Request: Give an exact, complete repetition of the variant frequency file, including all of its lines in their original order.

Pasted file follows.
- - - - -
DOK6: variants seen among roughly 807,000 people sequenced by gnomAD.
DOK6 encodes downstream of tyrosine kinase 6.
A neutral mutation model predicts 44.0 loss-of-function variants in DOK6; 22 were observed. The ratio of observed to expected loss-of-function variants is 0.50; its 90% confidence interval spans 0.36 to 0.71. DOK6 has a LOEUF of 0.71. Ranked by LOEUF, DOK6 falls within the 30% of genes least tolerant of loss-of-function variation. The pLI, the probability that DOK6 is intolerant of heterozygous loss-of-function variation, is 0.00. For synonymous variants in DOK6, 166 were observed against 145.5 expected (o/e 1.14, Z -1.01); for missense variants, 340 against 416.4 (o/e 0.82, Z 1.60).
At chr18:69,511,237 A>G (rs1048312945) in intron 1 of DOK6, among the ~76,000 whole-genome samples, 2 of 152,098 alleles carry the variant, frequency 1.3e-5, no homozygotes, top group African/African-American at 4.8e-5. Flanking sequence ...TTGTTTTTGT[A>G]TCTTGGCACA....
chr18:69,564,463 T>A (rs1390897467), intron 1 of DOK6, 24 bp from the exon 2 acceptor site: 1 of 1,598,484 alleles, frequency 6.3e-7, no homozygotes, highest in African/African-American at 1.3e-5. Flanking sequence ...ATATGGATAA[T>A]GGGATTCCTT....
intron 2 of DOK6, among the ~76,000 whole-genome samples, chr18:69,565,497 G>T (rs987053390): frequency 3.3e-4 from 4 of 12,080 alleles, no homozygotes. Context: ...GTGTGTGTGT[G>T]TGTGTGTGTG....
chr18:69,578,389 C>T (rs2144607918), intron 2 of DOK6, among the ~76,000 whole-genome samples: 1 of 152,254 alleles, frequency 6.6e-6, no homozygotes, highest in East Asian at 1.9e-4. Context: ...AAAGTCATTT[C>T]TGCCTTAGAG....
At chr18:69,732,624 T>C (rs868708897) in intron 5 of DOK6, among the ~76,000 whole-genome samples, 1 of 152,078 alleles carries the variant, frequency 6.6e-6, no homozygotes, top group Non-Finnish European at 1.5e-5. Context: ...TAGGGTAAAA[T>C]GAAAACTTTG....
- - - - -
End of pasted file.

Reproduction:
DOK6: variants seen among roughly 807,000 people sequenced by gnomAD.
DOK6 encodes downstream of tyrosine kinase 6.
A neutral mutation model predicts 44.0 loss-of-function variants in DOK6; 22 were observed. The ratio of observed to expected loss-of-function variants is 0.50; its 90% confidence interval spans 0.36 to 0.71. DOK6 has a LOEUF of 0.71. Ranked by LOEUF, DOK6 falls within the 30% of genes least tolerant of loss-of-function variation. The pLI, the probability that DOK6 is intolerant of heterozygous loss-of-function variation, is 0.00. For synonymous variants in DOK6, 166 were observed against 145.5 expected (o/e 1.14, Z -1.01); for missense variants, 340 against 416.4 (o/e 0.82, Z 1.60).
At chr18:69,511,237 A>G (rs1048312945) in intron 1 of DOK6, among the ~76,000 whole-genome samples, 2 of 152,098 alleles carry the variant, frequency 1.3e-5, no homozygotes, top group African/African-American at 4.8e-5. Flanking sequence ...TTGTTTTTGT[A>G]TCTTGGCACA....
chr18:69,564,463 T>A (rs1390897467), intron 1 of DOK6, 24 bp from the exon 2 acceptor site: 1 of 1,598,484 alleles, frequency 6.3e-7, no homozygotes, highest in African/African-American at 1.3e-5. Flanking sequence ...ATATGGATAA[T>A]GGGATTCCTT....
intron 2 of DOK6, among the ~76,000 whole-genome samples, chr18:69,565,497 G>T (rs987053390): frequency 3.3e-4 from 4 of 12,080 alleles, no homozygotes. Context: ...GTGTGTGTGT[G>T]TGTGTGTGTG....
chr18:69,578,389 C>T (rs2144607918), intron 2 of DOK6, among the ~76,000 whole-genome samples: 1 of 152,254 alleles, frequency 6.6e-6, no homozygotes, highest in East Asian at 1.9e-4. Context: ...AAAGTCATTT[C>T]TGCCTTAGAG....
At chr18:69,732,624 T>C (rs868708897) in intron 5 of DOK6, among the ~76,000 whole-genome samples, 1 of 152,078 alleles carries the variant, frequency 6.6e-6, no homozygotes, top group Non-Finnish European at 1.5e-5. Context: ...TAGGGTAAAA[T>C]GAAAACTTTG....